Also included in this course is an introduction to PA systems. Students will study elements of sound systems and how they work. Elements covered in this section will include: Anatomy and sound production of a speaker and its enclosures, microphones, sound cables, amplifiers, mixing boards, multitrack recording and a brief history of recorded sound.
Quizzes and tests will be given through out the semester to assess understanding from the students. In addition, student compositions will also be a graded portion of this class. Since the class is divided into two very different sections, a final exam as well as a final project will be given at the conclusion of each section.
In this course, the student will develop the ability to:
1) Recite and apply key signatures for all major and minor keys
2) Aurally and visually identify all major, minor, perfect, augmented and diminished intervals
3) Spell all chords diatonic to any major or minor key in root position and in their proper inversions
4) Compose a 16-measure composition using correct elements of melody, rhythm, time signature, key signature, harmonic progressions and voice leading. More advanced classes may ultimately compose longer musical compositions.
5) Compose and clap rhythms in simple and compound meter
6) Identify and correctly use nonchord tones in their compositions
7) Use the FINALE musical software to compose musical composition assignments
8) Identify, label and explain the different elements of a sound system
9) Identify and explain the different methods of recording sound
In this course, students will:
*Practice the skills and elements of music theory via homework, compositions and drills on the computer using the Music Lessons I software.
*Become proficient with the FINALE musical notation software.
*Explore their own creativity through their own musical compositions that will incorporate the basic elements of music theory.
*Complete a final project at the conclusion of each of the main sections of the course. The theory element will conclude with a final composition and the sound systems section will conclude with a recording studio project. The composition will include all the elements learned throughout the semester to that point within specific guidelines. The Recording Studio Project will consist of the following: Each student is given "$10,000" in which to "buy" equipment to set up a recording studio. Using the knowledge they have gained over the semester, the student will decide what equipment will serve his/her needs the best to have a successful studio.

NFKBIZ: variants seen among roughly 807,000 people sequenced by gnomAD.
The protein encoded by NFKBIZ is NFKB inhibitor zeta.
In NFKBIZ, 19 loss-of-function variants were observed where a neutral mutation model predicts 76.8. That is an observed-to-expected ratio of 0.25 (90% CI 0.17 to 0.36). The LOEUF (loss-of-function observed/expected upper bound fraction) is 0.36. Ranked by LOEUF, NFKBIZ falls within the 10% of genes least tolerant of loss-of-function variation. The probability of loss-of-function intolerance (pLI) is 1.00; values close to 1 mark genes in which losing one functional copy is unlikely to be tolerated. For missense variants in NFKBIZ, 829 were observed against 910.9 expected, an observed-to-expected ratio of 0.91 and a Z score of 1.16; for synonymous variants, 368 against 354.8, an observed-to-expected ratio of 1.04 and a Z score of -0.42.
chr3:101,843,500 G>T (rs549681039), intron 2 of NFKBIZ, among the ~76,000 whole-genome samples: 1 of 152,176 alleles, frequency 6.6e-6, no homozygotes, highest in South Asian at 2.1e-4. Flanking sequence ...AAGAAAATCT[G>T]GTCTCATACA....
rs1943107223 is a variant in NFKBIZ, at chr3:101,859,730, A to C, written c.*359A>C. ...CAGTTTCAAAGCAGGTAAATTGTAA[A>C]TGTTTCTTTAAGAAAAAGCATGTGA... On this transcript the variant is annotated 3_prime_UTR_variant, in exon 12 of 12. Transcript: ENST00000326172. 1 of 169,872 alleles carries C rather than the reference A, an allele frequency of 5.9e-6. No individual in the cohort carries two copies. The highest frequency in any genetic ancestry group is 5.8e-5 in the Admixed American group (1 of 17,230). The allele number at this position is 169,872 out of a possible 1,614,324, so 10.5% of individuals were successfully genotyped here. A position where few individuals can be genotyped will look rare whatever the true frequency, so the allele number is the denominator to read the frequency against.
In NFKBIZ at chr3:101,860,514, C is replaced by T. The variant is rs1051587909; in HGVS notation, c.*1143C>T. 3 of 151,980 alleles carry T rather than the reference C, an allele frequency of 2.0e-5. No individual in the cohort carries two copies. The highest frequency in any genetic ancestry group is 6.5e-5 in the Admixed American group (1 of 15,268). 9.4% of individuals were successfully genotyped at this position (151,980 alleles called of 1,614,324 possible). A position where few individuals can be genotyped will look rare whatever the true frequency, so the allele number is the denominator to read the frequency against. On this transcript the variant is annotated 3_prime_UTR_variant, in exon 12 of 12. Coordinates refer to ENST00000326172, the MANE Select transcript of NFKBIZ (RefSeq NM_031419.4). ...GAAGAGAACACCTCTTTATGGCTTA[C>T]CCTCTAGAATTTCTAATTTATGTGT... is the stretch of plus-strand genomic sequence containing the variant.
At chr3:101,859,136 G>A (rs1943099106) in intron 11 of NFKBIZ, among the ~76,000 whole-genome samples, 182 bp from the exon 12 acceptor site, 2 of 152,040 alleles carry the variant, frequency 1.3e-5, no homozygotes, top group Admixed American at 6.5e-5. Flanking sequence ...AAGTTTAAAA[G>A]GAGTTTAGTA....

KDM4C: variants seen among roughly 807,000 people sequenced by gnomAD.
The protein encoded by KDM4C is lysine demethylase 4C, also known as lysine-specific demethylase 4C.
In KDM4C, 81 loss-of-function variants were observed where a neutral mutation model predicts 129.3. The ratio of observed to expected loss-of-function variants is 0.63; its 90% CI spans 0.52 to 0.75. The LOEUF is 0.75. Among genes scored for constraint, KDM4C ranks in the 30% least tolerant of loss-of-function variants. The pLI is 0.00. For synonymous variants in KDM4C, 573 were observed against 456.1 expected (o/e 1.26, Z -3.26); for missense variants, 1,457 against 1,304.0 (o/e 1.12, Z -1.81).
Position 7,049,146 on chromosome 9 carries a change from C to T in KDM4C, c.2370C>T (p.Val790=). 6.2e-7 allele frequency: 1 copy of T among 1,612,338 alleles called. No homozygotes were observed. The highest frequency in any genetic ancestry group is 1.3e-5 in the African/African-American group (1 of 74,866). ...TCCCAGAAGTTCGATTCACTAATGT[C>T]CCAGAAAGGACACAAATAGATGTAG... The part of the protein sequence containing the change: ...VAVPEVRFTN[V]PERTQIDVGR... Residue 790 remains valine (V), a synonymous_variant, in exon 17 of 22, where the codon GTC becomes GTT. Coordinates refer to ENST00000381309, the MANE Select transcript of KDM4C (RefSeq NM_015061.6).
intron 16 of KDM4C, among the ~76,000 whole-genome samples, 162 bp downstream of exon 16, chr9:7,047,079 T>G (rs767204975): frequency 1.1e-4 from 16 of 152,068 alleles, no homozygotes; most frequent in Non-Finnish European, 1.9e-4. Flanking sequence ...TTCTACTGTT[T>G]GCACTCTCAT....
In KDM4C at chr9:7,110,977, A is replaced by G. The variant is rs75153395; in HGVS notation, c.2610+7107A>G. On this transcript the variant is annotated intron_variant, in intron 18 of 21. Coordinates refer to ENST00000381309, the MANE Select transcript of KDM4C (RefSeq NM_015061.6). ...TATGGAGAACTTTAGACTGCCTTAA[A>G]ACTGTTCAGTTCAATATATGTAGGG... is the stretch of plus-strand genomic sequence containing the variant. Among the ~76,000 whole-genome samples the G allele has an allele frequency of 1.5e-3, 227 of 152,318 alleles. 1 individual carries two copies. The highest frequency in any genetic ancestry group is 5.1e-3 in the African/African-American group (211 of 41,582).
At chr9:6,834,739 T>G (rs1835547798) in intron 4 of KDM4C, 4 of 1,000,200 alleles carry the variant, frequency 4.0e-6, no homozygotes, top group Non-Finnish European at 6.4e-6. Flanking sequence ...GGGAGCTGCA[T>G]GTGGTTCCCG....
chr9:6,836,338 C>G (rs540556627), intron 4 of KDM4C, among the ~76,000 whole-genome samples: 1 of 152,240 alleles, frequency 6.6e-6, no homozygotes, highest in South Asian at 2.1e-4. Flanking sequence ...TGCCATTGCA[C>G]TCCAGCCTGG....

Students will be assessed via:
Tests and quizzes given aurally as well as written
Quizzes taken using computer software
Musical compositions written within specific guidelines
Final projects for both the theory and sound system portions of the class
FINAL EXAM GRADE: Since the class is broken into two VERY different elements, it has been established that two seperate final exams should be given; one in theory and one for sound systems. The final exam grade will be calculated as such:
(Theory Exam Grade + Sound System Exam Grade)/2=Final Exam Grade
FINAL GRADE: The final grade for the course will be determined as such:
Q1=40% + Q2=40% + Final Exam Grade=20%=Final Grade
TEXTS MUSIC THEORY-
Tonal Harmony- with an introduction to Twentieth-Century Music
Stefan Kostka and Dorothy Payne
McGraw Hill Publishers
Tonal Harmony Workbook-Kostka/Payne
Harmony and Voice Leading-Text and Workbook
Edward Aldwell and Carl Schachter
Alfred Publishing Inc,.
TEXTS-SOUND AND RECORDING
Sound Check-The Basics of Sound and Sound Systems
Hal Leonard Publishers
George Petersen and Steven Oppenheimer
Hal Leonard Publishers
Audio Made Easy (Or How to be a Sound Engineer Without Really Trying)
Hal Leonard Publiushers
Synthesis-An Introduction to the History, Theory and Practice of Electronic Music
Multi Track Recording for Musicians
Midi Sequencing for Musicians
Editors of Keyboard Magazine
Finale Music Notation Software
Music Lessons I and II
Basics Of Sound-Video Series
The pace of this class is very dependent upon the msucal knowledge and talents of the class. A class that contains many musicians will be able to move at a much faster pace then those of nonmusicians. It is possible that the students will be able to continue further into music theory or the elements of sound production and recording if you have a faster moving class.